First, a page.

Tourism industry calls on Government to drop self-isolation requirement for travellers

Airlines and cruise companies plan their network months in advance.
Airlines and cruise companies plan their network months in advance. Photo credit: Getty Images

The staged reopening of New Zealand's borders amid the COVID-19 pandemic announced by the Government on Thursday has received mostly positive feedback from the travel and tourism industries, but some organisations say ditching the requirement of travellers to isolate at home is key to the tourism industry making any progress.

The five-step opening starts later this month when fully vaccinated New Zealanders and other eligible travellers will be able to skip MIQ and instead self-isolate for at least a week. The final step is scheduled for October, when the Government says the border will "fully reopen to visitors from anywhere in the world".

NZ Airports called the announcement an "important first step in reopening the border", but said the requirement for travellers to self-isolate upon arrival will "prevent any meaningful recovery in demand for travel to New Zealand".

Kevin Ward, Chief Executive of NZ Airports, said there will be many families who will be delighted by today's announcement and the aviation industry is looking forward to welcoming New Zealanders home.

"We are really pleased for Kiwis who have been stuck overseas and want to return home, however the continuing requirement for self-isolation means New Zealand will remain essentially off the map for international travellers and many airlines. People do not want to fly to New Zealand if they have to spend their first week sitting in a hotel."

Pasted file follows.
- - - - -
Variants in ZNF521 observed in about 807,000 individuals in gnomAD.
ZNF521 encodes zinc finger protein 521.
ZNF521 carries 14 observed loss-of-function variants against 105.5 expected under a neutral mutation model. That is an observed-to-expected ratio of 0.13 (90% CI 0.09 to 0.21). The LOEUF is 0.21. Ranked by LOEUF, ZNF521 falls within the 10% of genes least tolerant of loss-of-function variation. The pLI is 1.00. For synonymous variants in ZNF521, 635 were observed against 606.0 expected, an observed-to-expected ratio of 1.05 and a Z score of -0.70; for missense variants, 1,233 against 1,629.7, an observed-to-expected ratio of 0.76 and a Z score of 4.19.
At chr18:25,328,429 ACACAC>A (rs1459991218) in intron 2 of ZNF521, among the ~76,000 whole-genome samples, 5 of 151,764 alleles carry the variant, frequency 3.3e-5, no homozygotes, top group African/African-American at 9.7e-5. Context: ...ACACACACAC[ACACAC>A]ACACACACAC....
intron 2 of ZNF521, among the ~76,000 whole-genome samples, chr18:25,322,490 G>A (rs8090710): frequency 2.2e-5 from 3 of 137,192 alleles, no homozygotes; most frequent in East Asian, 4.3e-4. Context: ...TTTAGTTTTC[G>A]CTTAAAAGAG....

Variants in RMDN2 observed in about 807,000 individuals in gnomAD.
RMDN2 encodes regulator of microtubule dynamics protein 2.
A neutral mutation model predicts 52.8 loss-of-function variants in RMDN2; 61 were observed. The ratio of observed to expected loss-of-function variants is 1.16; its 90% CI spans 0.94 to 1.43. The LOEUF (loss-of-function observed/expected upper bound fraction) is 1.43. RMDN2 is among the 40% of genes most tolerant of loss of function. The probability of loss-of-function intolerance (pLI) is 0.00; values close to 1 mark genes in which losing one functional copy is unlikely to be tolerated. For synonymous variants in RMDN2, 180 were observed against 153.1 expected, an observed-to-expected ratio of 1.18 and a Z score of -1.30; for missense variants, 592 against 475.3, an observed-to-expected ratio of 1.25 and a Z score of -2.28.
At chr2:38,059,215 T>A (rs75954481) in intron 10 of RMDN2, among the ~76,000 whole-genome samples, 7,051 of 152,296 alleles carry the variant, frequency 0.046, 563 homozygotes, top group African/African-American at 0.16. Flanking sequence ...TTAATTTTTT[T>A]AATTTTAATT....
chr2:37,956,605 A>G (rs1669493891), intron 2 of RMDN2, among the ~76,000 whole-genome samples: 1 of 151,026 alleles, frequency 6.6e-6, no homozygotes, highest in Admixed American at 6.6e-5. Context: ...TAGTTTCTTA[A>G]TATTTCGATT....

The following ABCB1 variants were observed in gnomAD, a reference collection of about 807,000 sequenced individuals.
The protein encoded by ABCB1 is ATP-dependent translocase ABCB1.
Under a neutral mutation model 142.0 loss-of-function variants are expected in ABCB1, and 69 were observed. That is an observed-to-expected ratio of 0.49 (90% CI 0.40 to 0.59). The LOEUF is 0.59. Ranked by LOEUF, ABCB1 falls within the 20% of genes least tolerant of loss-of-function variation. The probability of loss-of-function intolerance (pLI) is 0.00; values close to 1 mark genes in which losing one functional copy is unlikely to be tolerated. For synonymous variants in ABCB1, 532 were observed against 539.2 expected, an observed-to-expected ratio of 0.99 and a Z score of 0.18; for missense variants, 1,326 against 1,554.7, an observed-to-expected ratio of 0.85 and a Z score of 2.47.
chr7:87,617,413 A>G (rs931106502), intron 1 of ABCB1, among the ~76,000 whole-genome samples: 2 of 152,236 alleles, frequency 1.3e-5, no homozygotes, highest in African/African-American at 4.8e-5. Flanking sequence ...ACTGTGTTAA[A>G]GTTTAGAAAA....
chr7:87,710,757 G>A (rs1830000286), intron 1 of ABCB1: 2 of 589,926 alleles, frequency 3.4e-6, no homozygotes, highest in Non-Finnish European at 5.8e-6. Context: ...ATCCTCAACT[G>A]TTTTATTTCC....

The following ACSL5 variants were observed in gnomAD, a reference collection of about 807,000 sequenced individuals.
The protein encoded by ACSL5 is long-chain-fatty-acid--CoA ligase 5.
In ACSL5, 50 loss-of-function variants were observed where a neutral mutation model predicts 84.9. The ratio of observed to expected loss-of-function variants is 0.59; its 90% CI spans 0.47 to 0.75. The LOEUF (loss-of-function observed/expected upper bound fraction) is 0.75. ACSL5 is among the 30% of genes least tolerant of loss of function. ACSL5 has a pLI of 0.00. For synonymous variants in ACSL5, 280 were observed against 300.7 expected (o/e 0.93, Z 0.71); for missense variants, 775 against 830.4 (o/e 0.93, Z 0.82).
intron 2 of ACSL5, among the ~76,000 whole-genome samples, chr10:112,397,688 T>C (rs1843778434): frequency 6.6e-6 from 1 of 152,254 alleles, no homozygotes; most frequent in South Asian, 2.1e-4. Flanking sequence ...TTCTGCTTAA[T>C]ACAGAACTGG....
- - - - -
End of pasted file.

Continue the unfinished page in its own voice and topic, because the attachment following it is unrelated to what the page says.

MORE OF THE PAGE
Analysis by Auckland Airport has shown that a continued isolation requirement will have a significant negative impact on Aotearoa's travel industry, with demand from Australian visitors excluding New Zealanders visiting friends and family estimated at just 7 percent of 2019 levels if the self-isolation requirement remains in place.

Ward called on the Government to keep reconsidering whether self-isolation is still appropriate before each stage of reopening commences, particularly before the reopening of trans-Tasman travel.

"A growing number of countries are allowing quarantine-free travel for qualified, fully vaccinated foreign travellers. Expecting self-isolation to still be required for travel to New Zealand later this year when the trans-Tasman market reopens makes no sense," he said.   

There was a similar reaction from Tourism Industry Aotearoa (TIA) which said the Government must be prepared to remove self-isolation requirements "as soon as health risks lessen".

TIA spokesperson Ann-Marie Johnson says the staged opening of the border wasn't just good news for reconnecting friends and families, but for the return of visitors on working holiday visas, too.

"The Government's willingness to be flexible and remove self-isolation requirements ahead of schedule will be essential to the survival of the visitor economy. While these requirements are in place, New Zealand remains off the radar for international travellers," Johnson said.   

In a letter to Tourism Minister Stuart Nash earlier this week, TIA noted that quarantine-free travel should be possible within the second quarter of 2022, when the gravest dangers of the Omicron outbreak are predicted to have abated.  

"The single biggest issue for restarting international tourism is to remove the self-isolation requirements. Requiring international visitors to spend the first seven days in isolation will mean very limited arrivals. Most tourism operators will have to survive through another long winter before they can expect potential visitors," Johnson says.

TIA says the Government needs to be aware that airlines and cruise operators are part of global systems and need long lead times for scheduling and selling their routes and capacity.